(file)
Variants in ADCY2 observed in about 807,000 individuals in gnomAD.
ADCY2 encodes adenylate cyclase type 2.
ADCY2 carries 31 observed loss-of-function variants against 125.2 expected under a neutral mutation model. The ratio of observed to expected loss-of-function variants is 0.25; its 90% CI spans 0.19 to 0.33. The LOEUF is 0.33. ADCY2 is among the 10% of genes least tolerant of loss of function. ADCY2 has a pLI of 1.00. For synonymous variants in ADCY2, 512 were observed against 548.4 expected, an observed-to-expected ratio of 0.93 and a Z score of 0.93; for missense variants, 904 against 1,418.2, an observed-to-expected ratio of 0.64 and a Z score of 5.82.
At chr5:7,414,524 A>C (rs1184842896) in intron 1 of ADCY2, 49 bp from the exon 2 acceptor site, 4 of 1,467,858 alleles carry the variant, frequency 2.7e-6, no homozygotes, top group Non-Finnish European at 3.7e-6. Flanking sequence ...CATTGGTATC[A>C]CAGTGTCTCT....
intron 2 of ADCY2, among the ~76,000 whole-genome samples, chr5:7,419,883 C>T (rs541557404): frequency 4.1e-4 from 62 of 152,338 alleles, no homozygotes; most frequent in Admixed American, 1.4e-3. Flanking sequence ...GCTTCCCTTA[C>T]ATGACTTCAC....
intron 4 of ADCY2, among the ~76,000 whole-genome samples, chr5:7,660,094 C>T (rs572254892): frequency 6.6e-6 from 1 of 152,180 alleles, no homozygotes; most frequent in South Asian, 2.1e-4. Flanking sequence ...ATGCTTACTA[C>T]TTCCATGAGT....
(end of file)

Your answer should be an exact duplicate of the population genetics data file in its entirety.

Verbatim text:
Variants in ADCY2 observed in about 807,000 individuals in gnomAD.
ADCY2 encodes adenylate cyclase type 2.
ADCY2 carries 31 observed loss-of-function variants against 125.2 expected under a neutral mutation model. The ratio of observed to expected loss-of-function variants is 0.25; its 90% CI spans 0.19 to 0.33. The LOEUF is 0.33. ADCY2 is among the 10% of genes least tolerant of loss of function. ADCY2 has a pLI of 1.00. For synonymous variants in ADCY2, 512 were observed against 548.4 expected, an observed-to-expected ratio of 0.93 and a Z score of 0.93; for missense variants, 904 against 1,418.2, an observed-to-expected ratio of 0.64 and a Z score of 5.82.
At chr5:7,414,524 A>C (rs1184842896) in intron 1 of ADCY2, 49 bp from the exon 2 acceptor site, 4 of 1,467,858 alleles carry the variant, frequency 2.7e-6, no homozygotes, top group Non-Finnish European at 3.7e-6. Flanking sequence ...CATTGGTATC[A>C]CAGTGTCTCT....
intron 2 of ADCY2, among the ~76,000 whole-genome samples, chr5:7,419,883 C>T (rs541557404): frequency 4.1e-4 from 62 of 152,338 alleles, no homozygotes; most frequent in Admixed American, 1.4e-3. Flanking sequence ...GCTTCCCTTA[C>T]ATGACTTCAC....
intron 4 of ADCY2, among the ~76,000 whole-genome samples, chr5:7,660,094 C>T (rs572254892): frequency 6.6e-6 from 1 of 152,180 alleles, no homozygotes; most frequent in South Asian, 2.1e-4. Flanking sequence ...ATGCTTACTA[C>T]TTCCATGAGT....